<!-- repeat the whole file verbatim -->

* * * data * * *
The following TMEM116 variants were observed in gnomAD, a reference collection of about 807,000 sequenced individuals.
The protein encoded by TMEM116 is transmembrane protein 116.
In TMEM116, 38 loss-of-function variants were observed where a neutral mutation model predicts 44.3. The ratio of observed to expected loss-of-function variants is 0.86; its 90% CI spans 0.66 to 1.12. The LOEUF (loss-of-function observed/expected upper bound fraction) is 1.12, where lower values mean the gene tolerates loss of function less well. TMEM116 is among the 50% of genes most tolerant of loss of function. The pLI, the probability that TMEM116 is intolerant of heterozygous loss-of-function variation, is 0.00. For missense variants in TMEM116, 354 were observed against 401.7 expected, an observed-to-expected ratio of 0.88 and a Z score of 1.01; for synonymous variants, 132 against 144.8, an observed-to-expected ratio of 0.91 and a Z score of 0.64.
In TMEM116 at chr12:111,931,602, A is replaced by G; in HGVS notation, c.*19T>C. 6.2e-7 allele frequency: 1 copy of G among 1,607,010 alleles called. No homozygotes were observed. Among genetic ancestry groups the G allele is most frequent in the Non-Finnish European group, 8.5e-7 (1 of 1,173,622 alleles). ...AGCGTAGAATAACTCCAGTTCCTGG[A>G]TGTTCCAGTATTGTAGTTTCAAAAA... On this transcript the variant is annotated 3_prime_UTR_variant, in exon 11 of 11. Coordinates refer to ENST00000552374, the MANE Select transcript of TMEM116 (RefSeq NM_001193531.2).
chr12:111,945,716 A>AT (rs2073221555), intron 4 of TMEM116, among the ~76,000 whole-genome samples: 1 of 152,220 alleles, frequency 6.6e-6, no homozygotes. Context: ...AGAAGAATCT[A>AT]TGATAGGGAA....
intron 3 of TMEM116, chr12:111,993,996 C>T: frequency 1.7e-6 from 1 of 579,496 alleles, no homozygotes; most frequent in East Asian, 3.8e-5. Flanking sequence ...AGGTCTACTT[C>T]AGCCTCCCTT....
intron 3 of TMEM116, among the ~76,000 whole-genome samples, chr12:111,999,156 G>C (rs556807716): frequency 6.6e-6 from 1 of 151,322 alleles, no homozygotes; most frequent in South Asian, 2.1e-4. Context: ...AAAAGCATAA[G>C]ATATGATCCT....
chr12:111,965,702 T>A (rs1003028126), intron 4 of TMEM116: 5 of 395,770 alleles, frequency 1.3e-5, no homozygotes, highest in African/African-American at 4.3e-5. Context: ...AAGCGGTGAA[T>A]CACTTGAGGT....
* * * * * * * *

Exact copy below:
The following TMEM116 variants were observed in gnomAD, a reference collection of about 807,000 sequenced individuals.
The protein encoded by TMEM116 is transmembrane protein 116.
In TMEM116, 38 loss-of-function variants were observed where a neutral mutation model predicts 44.3. The ratio of observed to expected loss-of-function variants is 0.86; its 90% CI spans 0.66 to 1.12. The LOEUF (loss-of-function observed/expected upper bound fraction) is 1.12, where lower values mean the gene tolerates loss of function less well. TMEM116 is among the 50% of genes most tolerant of loss of function. The pLI, the probability that TMEM116 is intolerant of heterozygous loss-of-function variation, is 0.00. For missense variants in TMEM116, 354 were observed against 401.7 expected, an observed-to-expected ratio of 0.88 and a Z score of 1.01; for synonymous variants, 132 against 144.8, an observed-to-expected ratio of 0.91 and a Z score of 0.64.
In TMEM116 at chr12:111,931,602, A is replaced by G; in HGVS notation, c.*19T>C. 6.2e-7 allele frequency: 1 copy of G among 1,607,010 alleles called. No homozygotes were observed. Among genetic ancestry groups the G allele is most frequent in the Non-Finnish European group, 8.5e-7 (1 of 1,173,622 alleles). ...AGCGTAGAATAACTCCAGTTCCTGG[A>G]TGTTCCAGTATTGTAGTTTCAAAAA... On this transcript the variant is annotated 3_prime_UTR_variant, in exon 11 of 11. Coordinates refer to ENST00000552374, the MANE Select transcript of TMEM116 (RefSeq NM_001193531.2).
chr12:111,945,716 A>AT (rs2073221555), intron 4 of TMEM116, among the ~76,000 whole-genome samples: 1 of 152,220 alleles, frequency 6.6e-6, no homozygotes. Context: ...AGAAGAATCT[A>AT]TGATAGGGAA....
intron 3 of TMEM116, chr12:111,993,996 C>T: frequency 1.7e-6 from 1 of 579,496 alleles, no homozygotes; most frequent in East Asian, 3.8e-5. Flanking sequence ...AGGTCTACTT[C>T]AGCCTCCCTT....
intron 3 of TMEM116, among the ~76,000 whole-genome samples, chr12:111,999,156 G>C (rs556807716): frequency 6.6e-6 from 1 of 151,322 alleles, no homozygotes; most frequent in South Asian, 2.1e-4. Context: ...AAAAGCATAA[G>C]ATATGATCCT....
chr12:111,965,702 T>A (rs1003028126), intron 4 of TMEM116: 5 of 395,770 alleles, frequency 1.3e-5, no homozygotes, highest in African/African-American at 4.3e-5. Context: ...AAGCGGTGAA[T>A]CACTTGAGGT....